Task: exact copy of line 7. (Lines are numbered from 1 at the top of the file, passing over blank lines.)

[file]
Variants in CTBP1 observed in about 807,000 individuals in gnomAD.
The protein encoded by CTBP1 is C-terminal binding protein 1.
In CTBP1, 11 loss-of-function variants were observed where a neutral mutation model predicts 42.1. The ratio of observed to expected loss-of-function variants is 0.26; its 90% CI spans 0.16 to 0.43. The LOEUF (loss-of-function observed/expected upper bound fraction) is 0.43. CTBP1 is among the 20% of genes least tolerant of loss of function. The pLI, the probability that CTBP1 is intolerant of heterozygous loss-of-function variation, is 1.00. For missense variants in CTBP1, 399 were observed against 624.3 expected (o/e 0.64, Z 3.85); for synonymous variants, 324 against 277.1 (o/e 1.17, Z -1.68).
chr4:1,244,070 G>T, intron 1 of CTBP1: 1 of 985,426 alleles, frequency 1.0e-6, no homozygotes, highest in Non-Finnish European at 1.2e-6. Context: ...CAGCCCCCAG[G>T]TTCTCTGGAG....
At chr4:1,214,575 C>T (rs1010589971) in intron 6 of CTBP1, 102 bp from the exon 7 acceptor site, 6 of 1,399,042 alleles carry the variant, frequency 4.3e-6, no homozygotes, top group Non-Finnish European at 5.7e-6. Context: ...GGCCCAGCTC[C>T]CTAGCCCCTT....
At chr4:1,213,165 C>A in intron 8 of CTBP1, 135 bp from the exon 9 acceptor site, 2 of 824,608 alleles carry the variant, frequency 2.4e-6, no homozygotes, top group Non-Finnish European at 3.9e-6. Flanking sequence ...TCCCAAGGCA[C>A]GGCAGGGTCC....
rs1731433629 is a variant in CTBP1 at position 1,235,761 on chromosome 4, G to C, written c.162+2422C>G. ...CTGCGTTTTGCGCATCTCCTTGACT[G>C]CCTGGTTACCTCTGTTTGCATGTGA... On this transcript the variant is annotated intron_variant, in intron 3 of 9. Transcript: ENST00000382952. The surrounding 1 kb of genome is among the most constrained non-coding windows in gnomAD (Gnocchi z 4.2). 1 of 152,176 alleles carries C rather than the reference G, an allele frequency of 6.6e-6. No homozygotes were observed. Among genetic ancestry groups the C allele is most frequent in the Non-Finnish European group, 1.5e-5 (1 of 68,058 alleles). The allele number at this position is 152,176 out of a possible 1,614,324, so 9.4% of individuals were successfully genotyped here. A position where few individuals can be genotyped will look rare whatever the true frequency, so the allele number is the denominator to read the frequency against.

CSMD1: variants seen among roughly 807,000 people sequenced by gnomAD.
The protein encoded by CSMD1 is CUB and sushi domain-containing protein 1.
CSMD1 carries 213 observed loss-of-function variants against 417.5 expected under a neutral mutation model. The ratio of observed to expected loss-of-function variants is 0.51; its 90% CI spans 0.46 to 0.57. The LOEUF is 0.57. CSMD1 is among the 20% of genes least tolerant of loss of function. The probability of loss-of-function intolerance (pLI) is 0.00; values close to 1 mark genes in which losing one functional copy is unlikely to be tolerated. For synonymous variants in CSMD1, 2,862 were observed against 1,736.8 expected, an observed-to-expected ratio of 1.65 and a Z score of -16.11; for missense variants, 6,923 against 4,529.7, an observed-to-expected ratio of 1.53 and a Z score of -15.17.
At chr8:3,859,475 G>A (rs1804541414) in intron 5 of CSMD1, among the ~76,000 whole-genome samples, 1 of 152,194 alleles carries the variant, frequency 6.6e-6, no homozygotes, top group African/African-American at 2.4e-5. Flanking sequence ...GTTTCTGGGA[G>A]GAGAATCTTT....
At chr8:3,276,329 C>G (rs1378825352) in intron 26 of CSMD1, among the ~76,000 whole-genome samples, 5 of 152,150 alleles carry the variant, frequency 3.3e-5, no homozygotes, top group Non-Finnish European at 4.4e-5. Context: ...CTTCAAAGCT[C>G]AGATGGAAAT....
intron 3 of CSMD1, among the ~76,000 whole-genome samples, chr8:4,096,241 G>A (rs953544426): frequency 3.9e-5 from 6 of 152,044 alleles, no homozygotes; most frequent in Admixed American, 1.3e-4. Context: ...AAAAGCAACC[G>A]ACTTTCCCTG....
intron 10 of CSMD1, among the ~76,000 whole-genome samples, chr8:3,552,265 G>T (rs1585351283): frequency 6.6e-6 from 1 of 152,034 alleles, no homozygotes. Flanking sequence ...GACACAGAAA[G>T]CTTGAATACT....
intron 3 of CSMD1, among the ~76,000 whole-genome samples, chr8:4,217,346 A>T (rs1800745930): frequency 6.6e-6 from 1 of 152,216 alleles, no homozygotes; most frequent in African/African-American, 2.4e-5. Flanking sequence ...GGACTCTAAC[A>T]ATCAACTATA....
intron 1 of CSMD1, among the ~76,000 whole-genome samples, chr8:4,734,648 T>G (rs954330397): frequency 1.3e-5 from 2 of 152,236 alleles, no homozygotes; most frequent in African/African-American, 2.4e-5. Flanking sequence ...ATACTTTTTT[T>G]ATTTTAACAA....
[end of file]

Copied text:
rs1731433629 is a variant in CTBP1 at position 1,235,761 on chromosome 4, G to C, written c.162+2422C>G. ...CTGCGTTTTGCGCATCTCCTTGACT[G>C]CCTGGTTACCTCTGTTTGCATGTGA... On this transcript the variant is annotated intron_variant, in intron 3 of 9. Transcript: ENST00000382952. The surrounding 1 kb of genome is among the most constrained non-coding windows in gnomAD (Gnocchi z 4.2). 1 of 152,176 alleles carries C rather than the reference G, an allele frequency of 6.6e-6. No homozygotes were observed. Among genetic ancestry groups the C allele is most frequent in the Non-Finnish European group, 1.5e-5 (1 of 68,058 alleles). The allele number at this position is 152,176 out of a possible 1,614,324, so 9.4% of individuals were successfully genotyped here. A position where few individuals can be genotyped will look rare whatever the true frequency, so the allele number is the denominator to read the frequency against.